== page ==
Members share everything from the latest dispatches from the larger writing world to their own good news about their latest book deals. I’m often amazed scanning the responses to those posts — “Congratulations!” … “Just pre-ordered your book!” … “Can’t wait to meet you at the launch!” — not so much by the sentiments expressed as by the fact the people expressing them were never actually in a class with the person posting. They may have graduated 5 years before or five years after, but they still feel a kinship, a sense of belonging, and a desire to support other MFAs simply because of their shared experiences as fellow members of the larger King’s MFA community.
That is special.
It’s not just true in the MFA, of course.
Students who’ve lived together in Radical Bay, or engaged in earnest debates in FYP tutorial groups, or pulled all-nighters during Journalism workshops … all become members of their own communities, communities that are part of the larger King’s community
Those communities, developed here, often don’t end with graduation.
There’s another very active alumni Facebook group I follow called “King’s Reunion: 1980s.” Its members include a decade’s worth of undergrad arts and journalism students.
Over the years, they’ve come together for various in-person reunions. But they also post news of their latest life events — jobs, marriages, kids, occasionally even divorces — and reminisce over shared photos from their times together at King’s.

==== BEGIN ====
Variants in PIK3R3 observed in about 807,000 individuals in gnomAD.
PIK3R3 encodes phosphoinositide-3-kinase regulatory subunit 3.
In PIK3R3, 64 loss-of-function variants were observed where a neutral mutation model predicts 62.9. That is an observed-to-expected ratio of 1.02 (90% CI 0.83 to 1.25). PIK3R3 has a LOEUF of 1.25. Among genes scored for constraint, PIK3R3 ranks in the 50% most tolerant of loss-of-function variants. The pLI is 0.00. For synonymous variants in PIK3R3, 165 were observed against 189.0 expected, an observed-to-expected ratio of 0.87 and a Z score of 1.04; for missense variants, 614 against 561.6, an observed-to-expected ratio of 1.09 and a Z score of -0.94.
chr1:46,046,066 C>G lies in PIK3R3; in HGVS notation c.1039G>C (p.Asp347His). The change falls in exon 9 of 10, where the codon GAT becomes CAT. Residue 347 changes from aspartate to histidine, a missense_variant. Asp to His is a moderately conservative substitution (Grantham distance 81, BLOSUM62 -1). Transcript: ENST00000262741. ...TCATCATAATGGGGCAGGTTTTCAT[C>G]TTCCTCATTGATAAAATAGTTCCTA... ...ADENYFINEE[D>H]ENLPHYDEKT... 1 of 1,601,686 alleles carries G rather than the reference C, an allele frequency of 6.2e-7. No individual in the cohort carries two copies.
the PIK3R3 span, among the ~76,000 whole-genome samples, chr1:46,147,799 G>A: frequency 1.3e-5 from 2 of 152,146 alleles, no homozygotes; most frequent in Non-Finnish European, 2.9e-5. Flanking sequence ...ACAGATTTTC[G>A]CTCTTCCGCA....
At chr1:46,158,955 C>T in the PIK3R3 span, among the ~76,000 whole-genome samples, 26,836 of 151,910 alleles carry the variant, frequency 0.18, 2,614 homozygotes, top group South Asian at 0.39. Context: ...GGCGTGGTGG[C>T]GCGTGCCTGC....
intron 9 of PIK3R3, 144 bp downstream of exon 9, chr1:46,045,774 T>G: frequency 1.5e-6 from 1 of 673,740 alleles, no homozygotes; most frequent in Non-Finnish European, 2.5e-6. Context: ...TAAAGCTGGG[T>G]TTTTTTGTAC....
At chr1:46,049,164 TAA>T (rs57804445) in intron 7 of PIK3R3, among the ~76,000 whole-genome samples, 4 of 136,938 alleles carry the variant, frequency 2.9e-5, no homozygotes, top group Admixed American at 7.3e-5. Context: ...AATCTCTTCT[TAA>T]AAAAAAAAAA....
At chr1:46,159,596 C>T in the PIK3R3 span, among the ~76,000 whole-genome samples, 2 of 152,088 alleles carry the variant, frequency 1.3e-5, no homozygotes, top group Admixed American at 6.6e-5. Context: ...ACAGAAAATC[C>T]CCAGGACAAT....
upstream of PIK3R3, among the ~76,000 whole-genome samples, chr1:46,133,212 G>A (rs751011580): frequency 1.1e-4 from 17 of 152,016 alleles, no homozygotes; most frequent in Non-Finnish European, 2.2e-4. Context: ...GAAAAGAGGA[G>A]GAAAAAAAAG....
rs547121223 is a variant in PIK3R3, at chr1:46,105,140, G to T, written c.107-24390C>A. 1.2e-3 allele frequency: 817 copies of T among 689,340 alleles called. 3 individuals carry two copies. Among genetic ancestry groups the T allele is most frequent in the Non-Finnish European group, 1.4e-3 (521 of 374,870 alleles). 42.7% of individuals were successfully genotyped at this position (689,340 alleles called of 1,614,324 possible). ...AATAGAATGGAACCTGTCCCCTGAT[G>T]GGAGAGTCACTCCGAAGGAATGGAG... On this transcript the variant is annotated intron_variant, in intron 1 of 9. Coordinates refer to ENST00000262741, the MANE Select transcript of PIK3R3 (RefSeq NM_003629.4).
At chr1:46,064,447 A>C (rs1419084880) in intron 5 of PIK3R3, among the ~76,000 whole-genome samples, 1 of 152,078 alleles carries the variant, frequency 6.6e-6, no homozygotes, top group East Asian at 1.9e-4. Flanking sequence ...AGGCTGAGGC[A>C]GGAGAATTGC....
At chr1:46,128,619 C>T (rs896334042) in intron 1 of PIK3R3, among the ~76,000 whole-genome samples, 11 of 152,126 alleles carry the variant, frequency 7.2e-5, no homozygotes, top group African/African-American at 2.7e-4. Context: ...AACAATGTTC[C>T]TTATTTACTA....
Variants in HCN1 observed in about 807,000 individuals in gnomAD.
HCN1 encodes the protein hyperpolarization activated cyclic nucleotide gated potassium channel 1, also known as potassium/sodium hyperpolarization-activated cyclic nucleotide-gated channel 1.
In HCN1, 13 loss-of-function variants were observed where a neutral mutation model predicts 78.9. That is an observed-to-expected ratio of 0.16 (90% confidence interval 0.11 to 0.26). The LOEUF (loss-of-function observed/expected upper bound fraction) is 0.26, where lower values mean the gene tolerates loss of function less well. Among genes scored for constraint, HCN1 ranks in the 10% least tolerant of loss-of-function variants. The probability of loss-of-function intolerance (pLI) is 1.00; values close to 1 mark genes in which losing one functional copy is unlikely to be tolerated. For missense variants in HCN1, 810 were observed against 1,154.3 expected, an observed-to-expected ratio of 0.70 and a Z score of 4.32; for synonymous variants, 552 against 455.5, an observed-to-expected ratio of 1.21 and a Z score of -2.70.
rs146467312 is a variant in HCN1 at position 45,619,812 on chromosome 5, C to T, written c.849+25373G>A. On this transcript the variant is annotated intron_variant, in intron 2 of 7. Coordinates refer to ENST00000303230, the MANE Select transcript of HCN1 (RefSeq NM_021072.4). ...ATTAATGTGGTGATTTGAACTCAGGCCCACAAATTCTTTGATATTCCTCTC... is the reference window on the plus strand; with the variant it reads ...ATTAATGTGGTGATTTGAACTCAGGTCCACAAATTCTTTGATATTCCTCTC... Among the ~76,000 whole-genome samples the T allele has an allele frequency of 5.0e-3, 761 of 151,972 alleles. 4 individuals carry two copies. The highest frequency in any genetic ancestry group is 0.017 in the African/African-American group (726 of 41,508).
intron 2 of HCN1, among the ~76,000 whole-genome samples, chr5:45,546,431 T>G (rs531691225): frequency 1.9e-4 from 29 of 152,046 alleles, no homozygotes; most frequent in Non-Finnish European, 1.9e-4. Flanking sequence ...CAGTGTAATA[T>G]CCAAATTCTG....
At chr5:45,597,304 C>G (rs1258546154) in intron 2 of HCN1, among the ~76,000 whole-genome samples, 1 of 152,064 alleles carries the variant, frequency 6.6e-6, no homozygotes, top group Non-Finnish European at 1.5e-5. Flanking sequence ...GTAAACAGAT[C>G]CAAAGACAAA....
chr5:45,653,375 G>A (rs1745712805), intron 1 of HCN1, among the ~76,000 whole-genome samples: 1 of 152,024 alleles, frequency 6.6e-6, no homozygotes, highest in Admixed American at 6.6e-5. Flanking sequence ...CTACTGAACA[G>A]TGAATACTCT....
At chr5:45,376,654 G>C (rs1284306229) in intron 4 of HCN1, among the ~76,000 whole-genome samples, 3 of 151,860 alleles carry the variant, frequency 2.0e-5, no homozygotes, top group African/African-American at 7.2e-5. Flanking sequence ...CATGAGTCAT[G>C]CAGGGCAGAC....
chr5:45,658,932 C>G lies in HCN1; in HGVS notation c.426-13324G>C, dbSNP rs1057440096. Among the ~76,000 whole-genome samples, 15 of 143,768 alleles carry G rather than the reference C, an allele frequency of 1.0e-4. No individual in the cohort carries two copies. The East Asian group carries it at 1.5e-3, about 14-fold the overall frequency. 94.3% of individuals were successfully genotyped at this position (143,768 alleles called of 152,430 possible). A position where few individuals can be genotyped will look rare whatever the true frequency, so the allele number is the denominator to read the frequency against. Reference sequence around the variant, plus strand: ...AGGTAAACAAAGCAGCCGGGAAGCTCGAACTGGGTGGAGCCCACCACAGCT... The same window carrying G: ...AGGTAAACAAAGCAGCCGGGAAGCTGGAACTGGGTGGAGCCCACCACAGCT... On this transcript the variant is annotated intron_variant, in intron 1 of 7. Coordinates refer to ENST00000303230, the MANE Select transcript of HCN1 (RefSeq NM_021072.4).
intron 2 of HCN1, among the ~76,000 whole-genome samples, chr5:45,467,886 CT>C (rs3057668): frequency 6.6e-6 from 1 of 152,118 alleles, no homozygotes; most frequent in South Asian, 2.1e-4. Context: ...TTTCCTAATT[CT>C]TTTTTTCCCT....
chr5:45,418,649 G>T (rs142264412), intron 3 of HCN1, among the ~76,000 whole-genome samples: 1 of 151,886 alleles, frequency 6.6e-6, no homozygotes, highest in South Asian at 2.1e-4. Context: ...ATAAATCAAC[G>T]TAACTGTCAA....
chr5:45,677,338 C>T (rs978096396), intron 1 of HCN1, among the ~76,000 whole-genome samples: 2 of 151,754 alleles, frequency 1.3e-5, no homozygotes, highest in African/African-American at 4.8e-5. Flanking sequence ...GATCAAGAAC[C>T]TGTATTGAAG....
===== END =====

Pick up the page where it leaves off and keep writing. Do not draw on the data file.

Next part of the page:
Much of it is celebratory, but not always.
As you no doubt know, this has been a difficult time of reckoning for King’s, and some of what had to be reckoned with happened here during the 1980s.
When the stories broke in the news, one member of the Facebook group disclosed he had been one of the victims. Other members immediately reached out with support, and solidarity, and love.
That’s what community means. In good times and not-so-good.
My hope for all of you is that the communities you’ve created in your time here will endure and become vital places where you can continue to celebrate and commiserate and be there for each other.
Let me close by circling back to that “fun” fact Bill mentioned in introducing me — and offer you, if I may be permitted, one final life lesson.
Around this time of year 30 years ago, a group of about-to-be King’s grads — a mix of journalism and arts students — came to see me in my office. They had an idea for a summer make-work project, they said. They wanted to start their own alternative weekly newspaper in Halifax. What did I think of that idea?
I thought they were crazy. And I said so. I knew enough about the publishing world from personal experience to know how difficult it can be, even then.
I told them to forget about it.
Somehow, they heard me say, “Go for it!”
And they did. The next thing I knew, they’d published their first edition. Thirty years later, The Coast is still publishing, still an important part of the local media landscape.
Over the years, they have very kindly credited me with encouraging them to start the paper. I credit them with hearing what they wanted to hear.
And so, my final life lesson for you tonight is not to listen to people like me who will tell you to forget your dreams.
Hear what you want to hear, what you need to hear.
Follow your dreams. And good luck.